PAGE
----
“Denise Beck-Clark’s Thirty Years Hence is an intriguing story where an experimental form of treatment has an unpredictable impact on characters suffering from a wide variety of human frailties. It’s a fascinating look at our common struggle to overcome our pasts, told with great
care.”  — Russell Rowland, author of 56 Counties and Cold Country

ABOUT THE AUTHOR:

Since childhood, Denise Beck-clark has had the parallel interests of psychology and writing/literature. After spending her twenties writing and earning a living with menial jobs, she spent the next 30-some years as a psychotherapist and social worker, finding time to write whenever possible. Now retired and devoted to writing full-time, Ms. Beck-Clark hopes her writing will have the same positive impact on readers as her work did for patients as a clinician.

Her writing career began with the publication of several nonfiction articles. In 1999, her creative non-fiction book, Concurrent Sentences: A True Story of Murder, Love and Redemption, was published by New Horizon Press. A screenplay adaptation is in process.

She’s recently published flash fiction and essays online, along with a paperback poetry collection, The Zen of Forgetting. She wrote a blog for several years until 2015 and currently writes essays for MediumThirty Years Hence is her first published novel.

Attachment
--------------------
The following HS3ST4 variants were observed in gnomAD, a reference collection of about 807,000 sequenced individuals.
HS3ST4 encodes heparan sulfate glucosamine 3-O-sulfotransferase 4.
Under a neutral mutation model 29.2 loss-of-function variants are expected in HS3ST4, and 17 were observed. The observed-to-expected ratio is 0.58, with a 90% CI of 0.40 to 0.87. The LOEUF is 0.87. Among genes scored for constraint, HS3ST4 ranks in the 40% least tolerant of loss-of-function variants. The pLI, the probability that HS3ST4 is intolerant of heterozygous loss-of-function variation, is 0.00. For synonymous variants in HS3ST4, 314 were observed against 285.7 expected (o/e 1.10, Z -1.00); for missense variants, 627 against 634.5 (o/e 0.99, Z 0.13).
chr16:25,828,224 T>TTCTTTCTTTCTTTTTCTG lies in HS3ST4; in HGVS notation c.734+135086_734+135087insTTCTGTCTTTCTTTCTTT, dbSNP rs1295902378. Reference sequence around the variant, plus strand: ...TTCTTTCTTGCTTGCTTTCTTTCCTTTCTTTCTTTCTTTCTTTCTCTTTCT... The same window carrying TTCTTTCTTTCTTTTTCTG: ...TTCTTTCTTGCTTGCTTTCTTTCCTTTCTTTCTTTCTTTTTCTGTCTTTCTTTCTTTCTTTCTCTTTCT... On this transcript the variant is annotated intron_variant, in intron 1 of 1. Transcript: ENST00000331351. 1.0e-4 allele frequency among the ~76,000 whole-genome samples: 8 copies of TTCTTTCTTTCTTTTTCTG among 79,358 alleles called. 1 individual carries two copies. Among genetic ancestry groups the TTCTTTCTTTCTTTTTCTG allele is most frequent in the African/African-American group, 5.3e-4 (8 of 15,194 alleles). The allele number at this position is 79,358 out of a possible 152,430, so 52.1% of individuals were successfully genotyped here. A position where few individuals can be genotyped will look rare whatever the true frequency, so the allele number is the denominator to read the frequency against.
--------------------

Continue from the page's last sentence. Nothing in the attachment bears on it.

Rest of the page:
Beck-Clark started her career in psychotherapy as a social worker at Manhattan Psychiatric Center outpatient clinic, and as a psychotherapist at Flatlands Guidance Center in Brooklyn, in 1986. She had a private psychotherapy practice in Manhattan for 13 years while acting as a psychiatric social worker at Bronx Psychiatric Center inpatient wards until 1999. She then moved to the center’s outpatient clinic, from 1999 – 2011.

She earned a Bachelor of Arts form Columbia University, A Master of Sciences in social work from Columbia University, and a Master of Fine Arts in creative writing from Lindenwood University.

Beck-Clark lives with her adult special needs son in Yonkers, New York.  For more information, please visit: 

 www.denise beck-clark.com.

https://www.facebook.com/denise.beckclark

https://www.instagram.com/denbe19

Twitter